Our London Choral Days put outstanding and exciting choral ensembles in some of the most beautiful buildings in the capital. They take the form of a day-long sequence of performances, talks, lunch and refreshments, the audience moving between the venues on foot.
The days are conceived not as three discrete concerts but as an integrated, overarching musical experience in which the individual parts illumine and enlarge upon what has gone before. Usually there is some connection between the venues and the music performed in them, which may be chronological – music of the same period as the building – or associational: a specific historical link between music and building.
After the great successes of Chelsea and Marylebone, the next London Choral Day begins in the shadow of Westminster Abbey and progresses across the river to Lambeth.
Here, beside the Thames and enclosed within high brick walls, lies a clutch of highly important historic buildings: Lambeth Palace, residence, offices and library of the Archbishop of Canterbury. As both home and workplace, access is restricted; perhaps this is the least visited of London’s major architectural precincts, and we are grateful to have been accorded the privilege of presenting two concerts and a lecture in three different spaces within the complex.
St Margaret’s, Westminster
Beginning life in the twelfth century as the parish church of Westminster, St Margaret’s stands on a site which once lay within the precincts of Westminster Abbey; the formidable bulk of the abbey church rises only a few yards to the south. One of the very few pre-Reformation churches to survive in London, its current form dates largely to a rebuilding completed in 1523, though there have been frequent interventions for restoration and embellishment. The stained glass is of particular interest.
The superb professional choir of St Margaret’s is one of the finest liturgical choirs in the country. Aidan Oliver, Director of Music at St Margaret’s since 2003, is one of the UK’s leading choral directors, working across the whole spectrum of symphonic, liturgical, operatic and contemporary music.
Today’s programme juxtaposes works from the period following the church’s rebuilding in 1523, including Gibbons, Weelkes, Tomkins and Byrd. To this is added 20th-century and contemporary works showcasing the current vibrant musical tradition of St Margaret’s – Dove, Macmillan, Grier and others.
Lambeth Palace, the Chapel
The beautiful chapel, Early Gothic in style, dates to c.1230, though a combination of Puritanism and World War Two bombing has necessitated fairly extensive (if sympathetic) restoration. Its small size requires the concert here to be repeated; the other half of the audience attends a talk in the Guard Room, which has a fourteenth-century roof with braces of traceried timber.
The Gesualdo Six comprises some of the UK’s finest young consort singers, most of whom cut their chorister teeth in the cathedral or college systems. Formed in 2014, they have rapidly established themselves as an exceptional ensemble, travelling widely abroad as well as in the UK. The director is Owain Park, who is also a prominent composer.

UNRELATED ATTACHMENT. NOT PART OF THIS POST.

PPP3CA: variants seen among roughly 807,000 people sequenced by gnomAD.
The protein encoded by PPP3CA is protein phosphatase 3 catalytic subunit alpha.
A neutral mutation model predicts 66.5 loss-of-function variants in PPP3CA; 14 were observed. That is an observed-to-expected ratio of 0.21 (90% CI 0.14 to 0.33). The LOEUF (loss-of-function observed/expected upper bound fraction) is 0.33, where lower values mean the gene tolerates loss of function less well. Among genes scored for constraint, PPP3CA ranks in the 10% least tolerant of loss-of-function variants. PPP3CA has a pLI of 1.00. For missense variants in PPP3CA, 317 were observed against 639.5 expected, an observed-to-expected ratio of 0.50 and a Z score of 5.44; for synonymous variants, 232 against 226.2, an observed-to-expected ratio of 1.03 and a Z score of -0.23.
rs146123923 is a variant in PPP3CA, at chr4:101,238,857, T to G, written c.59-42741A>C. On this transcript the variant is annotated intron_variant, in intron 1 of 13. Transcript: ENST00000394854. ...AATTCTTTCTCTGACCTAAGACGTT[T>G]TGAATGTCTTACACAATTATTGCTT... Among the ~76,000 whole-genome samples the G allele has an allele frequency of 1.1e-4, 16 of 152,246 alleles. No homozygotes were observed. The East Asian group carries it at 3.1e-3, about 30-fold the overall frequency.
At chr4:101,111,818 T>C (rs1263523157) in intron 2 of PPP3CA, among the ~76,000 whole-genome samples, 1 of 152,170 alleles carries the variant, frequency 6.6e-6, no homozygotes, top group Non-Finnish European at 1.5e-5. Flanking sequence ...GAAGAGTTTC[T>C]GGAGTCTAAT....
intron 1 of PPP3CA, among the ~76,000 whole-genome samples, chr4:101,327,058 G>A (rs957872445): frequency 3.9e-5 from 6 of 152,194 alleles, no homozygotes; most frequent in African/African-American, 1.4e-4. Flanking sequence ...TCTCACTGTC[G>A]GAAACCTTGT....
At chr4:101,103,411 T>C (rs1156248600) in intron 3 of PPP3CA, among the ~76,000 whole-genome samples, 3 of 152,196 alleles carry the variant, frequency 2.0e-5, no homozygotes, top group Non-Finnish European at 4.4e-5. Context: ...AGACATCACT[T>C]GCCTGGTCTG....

Lambeth Palace, Great Hall
‘Londoners and strangers do not usually appreciate the fact that London possesses in the palace a complex of domestic buildings largely medieval and wholly picturesque which is of the greatest interest and merit.’ This verdict remains as true today as when Nikolaus Pevsner wrote it seventy years ago.
The magnificent Great Hall was rebuilt 1660–3, the style deliberately archaic to assert continuity after the turmoil of the Interregnum; it can plausibly be designated as the first instance of the Gothic Revival. Recently restored and emptied, this is a spectacular space for the final concert.
The Choir of Royal Holloway, under their director Rupert Gough, is considered one of the finest mixed-voice collegiate choirs in the country. The 24 choral scholars undertake a busy schedule of services, concerts and tours and have recorded for Hyperion Records. Their programme includes early Tudor music from the Lambeth Choirbook, one of the palace’s greatest treasures, through to Tallis and Byrd and on to Blow and Purcell.
11.30am at St Margaret’s Westminster. Doors open at 11.10am.
c.5.40pm at Lambeth Palace.
For those who do not choose the vehicular option, there are walks at a leisurely pace of, at most 15 minutes, (waiting at pedestrian crossings included). There is the option of signing up in advance for taxis to avoid the walks at a cost of £20 per person.
Price, per person
£215 (or £235 with transport by taxi as specified above). This includes lunch and afternoon refreshments as well as exclusive admission to the three concerts and the lecture.
Lunch and refreshments
Lunch in good restaurants; the audience is split between several. Refreshments are served in the afternoon between the concerts.
We will return the full amount if you notify us 22 or more days before the event. We will retain 50% if cancellation is made within three weeks and 100% if within three days. Please put your cancellation in writing to firstname.lastname@example.org. We advise taking out insurance in case of cancellation and recommend that overseas clients are also covered for possible medical and repatriation costs.
The Choral Day was the highlight of my six week trip to the UK and Europe this year.
A brilliantly well-organised and thoroughly enjoyable experience.
The churches selected for the music venues were well chosen for their architectural interest and as complements to the music programme.
Beautiful singing in the best English choral tradition. A lovely mixture of sacred & secular song.
It's a wonderful day, superbly organised, with excellent choirs, very interesting churches and a good lunch.